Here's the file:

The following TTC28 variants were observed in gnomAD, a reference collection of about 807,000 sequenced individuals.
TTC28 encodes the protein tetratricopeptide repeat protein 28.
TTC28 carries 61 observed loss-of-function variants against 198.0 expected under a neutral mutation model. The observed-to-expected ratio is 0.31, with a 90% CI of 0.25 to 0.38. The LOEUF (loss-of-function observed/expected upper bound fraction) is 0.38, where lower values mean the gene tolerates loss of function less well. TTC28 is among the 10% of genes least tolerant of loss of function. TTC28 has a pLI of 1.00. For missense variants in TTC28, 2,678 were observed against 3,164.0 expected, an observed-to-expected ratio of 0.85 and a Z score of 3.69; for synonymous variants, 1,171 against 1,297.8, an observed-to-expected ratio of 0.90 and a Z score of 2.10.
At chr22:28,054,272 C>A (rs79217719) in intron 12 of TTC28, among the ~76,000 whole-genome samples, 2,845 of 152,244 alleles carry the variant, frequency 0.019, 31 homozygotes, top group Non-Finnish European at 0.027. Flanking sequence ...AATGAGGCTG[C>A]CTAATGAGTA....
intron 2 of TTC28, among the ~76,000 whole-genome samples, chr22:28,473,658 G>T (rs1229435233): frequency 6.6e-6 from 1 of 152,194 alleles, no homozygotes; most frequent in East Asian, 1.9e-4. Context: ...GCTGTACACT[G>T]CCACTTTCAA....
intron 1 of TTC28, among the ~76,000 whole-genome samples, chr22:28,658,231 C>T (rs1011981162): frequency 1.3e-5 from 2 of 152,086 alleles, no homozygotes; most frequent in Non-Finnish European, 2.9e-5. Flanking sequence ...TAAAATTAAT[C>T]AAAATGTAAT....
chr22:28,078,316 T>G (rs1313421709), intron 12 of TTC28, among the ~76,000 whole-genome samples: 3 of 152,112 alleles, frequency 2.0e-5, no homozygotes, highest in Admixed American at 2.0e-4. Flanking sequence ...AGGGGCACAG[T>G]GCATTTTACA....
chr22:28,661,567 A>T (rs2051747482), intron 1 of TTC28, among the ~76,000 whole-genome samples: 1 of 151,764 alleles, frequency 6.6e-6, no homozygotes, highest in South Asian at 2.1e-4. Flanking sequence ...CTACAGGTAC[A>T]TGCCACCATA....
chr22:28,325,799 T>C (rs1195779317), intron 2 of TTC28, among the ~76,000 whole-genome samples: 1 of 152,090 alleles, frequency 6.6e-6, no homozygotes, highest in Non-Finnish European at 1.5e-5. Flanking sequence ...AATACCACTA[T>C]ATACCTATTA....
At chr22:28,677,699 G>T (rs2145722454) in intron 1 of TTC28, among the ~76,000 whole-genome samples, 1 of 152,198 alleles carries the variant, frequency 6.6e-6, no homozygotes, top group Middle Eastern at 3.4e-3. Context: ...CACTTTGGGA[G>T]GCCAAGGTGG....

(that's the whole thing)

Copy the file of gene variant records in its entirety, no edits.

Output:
The following TTC28 variants were observed in gnomAD, a reference collection of about 807,000 sequenced individuals.
TTC28 encodes the protein tetratricopeptide repeat protein 28.
TTC28 carries 61 observed loss-of-function variants against 198.0 expected under a neutral mutation model. The observed-to-expected ratio is 0.31, with a 90% CI of 0.25 to 0.38. The LOEUF (loss-of-function observed/expected upper bound fraction) is 0.38, where lower values mean the gene tolerates loss of function less well. TTC28 is among the 10% of genes least tolerant of loss of function. TTC28 has a pLI of 1.00. For missense variants in TTC28, 2,678 were observed against 3,164.0 expected, an observed-to-expected ratio of 0.85 and a Z score of 3.69; for synonymous variants, 1,171 against 1,297.8, an observed-to-expected ratio of 0.90 and a Z score of 2.10.
At chr22:28,054,272 C>A (rs79217719) in intron 12 of TTC28, among the ~76,000 whole-genome samples, 2,845 of 152,244 alleles carry the variant, frequency 0.019, 31 homozygotes, top group Non-Finnish European at 0.027. Flanking sequence ...AATGAGGCTG[C>A]CTAATGAGTA....
intron 2 of TTC28, among the ~76,000 whole-genome samples, chr22:28,473,658 G>T (rs1229435233): frequency 6.6e-6 from 1 of 152,194 alleles, no homozygotes; most frequent in East Asian, 1.9e-4. Context: ...GCTGTACACT[G>T]CCACTTTCAA....
intron 1 of TTC28, among the ~76,000 whole-genome samples, chr22:28,658,231 C>T (rs1011981162): frequency 1.3e-5 from 2 of 152,086 alleles, no homozygotes; most frequent in Non-Finnish European, 2.9e-5. Flanking sequence ...TAAAATTAAT[C>T]AAAATGTAAT....
chr22:28,078,316 T>G (rs1313421709), intron 12 of TTC28, among the ~76,000 whole-genome samples: 3 of 152,112 alleles, frequency 2.0e-5, no homozygotes, highest in Admixed American at 2.0e-4. Flanking sequence ...AGGGGCACAG[T>G]GCATTTTACA....
chr22:28,661,567 A>T (rs2051747482), intron 1 of TTC28, among the ~76,000 whole-genome samples: 1 of 151,764 alleles, frequency 6.6e-6, no homozygotes, highest in South Asian at 2.1e-4. Flanking sequence ...CTACAGGTAC[A>T]TGCCACCATA....
chr22:28,325,799 T>C (rs1195779317), intron 2 of TTC28, among the ~76,000 whole-genome samples: 1 of 152,090 alleles, frequency 6.6e-6, no homozygotes, highest in Non-Finnish European at 1.5e-5. Flanking sequence ...AATACCACTA[T>C]ATACCTATTA....
At chr22:28,677,699 G>T (rs2145722454) in intron 1 of TTC28, among the ~76,000 whole-genome samples, 1 of 152,198 alleles carries the variant, frequency 6.6e-6, no homozygotes, top group Middle Eastern at 3.4e-3. Context: ...CACTTTGGGA[G>T]GCCAAGGTGG....